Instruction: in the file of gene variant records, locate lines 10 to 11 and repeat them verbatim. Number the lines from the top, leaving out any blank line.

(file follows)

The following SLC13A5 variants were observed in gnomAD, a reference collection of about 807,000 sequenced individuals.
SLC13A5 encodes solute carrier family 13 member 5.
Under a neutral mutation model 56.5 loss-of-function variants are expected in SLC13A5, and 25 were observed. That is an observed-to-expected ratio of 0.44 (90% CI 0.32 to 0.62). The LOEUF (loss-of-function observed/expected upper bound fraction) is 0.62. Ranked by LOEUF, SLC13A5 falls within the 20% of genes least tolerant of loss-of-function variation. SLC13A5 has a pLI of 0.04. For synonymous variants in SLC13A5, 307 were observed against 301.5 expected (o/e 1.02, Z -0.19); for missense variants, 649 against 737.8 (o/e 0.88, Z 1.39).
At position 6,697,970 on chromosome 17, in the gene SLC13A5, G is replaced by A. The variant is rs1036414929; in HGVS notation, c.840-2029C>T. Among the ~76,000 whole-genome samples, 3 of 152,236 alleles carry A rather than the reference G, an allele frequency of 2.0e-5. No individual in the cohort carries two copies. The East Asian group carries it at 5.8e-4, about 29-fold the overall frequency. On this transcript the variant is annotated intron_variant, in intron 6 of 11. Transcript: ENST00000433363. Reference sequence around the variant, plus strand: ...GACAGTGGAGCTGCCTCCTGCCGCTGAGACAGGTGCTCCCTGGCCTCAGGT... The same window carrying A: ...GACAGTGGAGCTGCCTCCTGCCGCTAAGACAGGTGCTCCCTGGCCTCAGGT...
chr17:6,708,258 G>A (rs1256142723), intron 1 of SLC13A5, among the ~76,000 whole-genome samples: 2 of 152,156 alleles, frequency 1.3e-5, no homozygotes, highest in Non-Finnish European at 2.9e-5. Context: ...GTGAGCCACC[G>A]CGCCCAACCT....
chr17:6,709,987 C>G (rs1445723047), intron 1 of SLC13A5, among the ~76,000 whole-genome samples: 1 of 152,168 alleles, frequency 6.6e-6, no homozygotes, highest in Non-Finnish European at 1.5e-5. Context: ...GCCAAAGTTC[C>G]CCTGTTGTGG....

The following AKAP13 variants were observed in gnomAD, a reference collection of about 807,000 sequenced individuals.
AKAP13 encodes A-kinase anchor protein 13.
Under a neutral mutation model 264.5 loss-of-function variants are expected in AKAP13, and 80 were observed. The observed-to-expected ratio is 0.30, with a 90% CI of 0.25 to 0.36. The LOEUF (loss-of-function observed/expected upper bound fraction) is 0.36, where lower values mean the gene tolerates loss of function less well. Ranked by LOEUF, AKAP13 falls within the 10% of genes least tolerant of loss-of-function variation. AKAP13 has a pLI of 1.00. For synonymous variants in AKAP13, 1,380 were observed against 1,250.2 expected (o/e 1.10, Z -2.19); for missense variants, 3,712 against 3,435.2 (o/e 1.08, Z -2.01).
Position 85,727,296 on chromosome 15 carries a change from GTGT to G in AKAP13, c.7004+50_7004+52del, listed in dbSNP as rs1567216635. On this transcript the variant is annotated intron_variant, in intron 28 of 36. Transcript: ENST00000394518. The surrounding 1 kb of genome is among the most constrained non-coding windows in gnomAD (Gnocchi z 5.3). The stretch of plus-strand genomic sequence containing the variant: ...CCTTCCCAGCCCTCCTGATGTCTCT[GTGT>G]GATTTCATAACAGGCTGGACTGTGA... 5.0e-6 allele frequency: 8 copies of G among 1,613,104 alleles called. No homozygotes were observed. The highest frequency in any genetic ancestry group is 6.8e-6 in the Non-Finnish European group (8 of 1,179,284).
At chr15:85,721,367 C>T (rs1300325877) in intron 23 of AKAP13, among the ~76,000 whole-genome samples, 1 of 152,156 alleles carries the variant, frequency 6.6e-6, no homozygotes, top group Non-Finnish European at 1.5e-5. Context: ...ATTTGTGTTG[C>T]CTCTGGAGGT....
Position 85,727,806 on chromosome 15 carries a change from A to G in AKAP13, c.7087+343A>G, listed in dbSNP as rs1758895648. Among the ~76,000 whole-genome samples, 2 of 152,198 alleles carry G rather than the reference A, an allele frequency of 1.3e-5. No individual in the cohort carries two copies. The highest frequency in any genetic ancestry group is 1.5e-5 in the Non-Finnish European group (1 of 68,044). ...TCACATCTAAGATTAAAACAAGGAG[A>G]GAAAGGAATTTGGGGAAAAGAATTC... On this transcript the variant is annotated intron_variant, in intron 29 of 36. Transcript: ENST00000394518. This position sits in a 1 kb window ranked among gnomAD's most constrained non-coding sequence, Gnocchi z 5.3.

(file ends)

Position 85,727,296 on chromosome 15 carries a change from GTGT to G in AKAP13, c.7004+50_7004+52del, listed in dbSNP as rs1567216635. On this transcript the variant is annotated intron_variant, in intron 28 of 36. Transcript: ENST00000394518. The surrounding 1 kb of genome is among the most constrained non-coding windows in gnomAD (Gnocchi z 5.3). The stretch of plus-strand genomic sequence containing the variant: ...CCTTCCCAGCCCTCCTGATGTCTCT[GTGT>G]GATTTCATAACAGGCTGGACTGTGA... 5.0e-6 allele frequency: 8 copies of G among 1,613,104 alleles called. No homozygotes were observed. The highest frequency in any genetic ancestry group is 6.8e-6 in the Non-Finnish European group (8 of 1,179,284).
At chr15:85,721,367 C>T (rs1300325877) in intron 23 of AKAP13, among the ~76,000 whole-genome samples, 1 of 152,156 alleles carries the variant, frequency 6.6e-6, no homozygotes, top group Non-Finnish European at 1.5e-5. Context: ...ATTTGTGTTG[C>T]CTCTGGAGGT....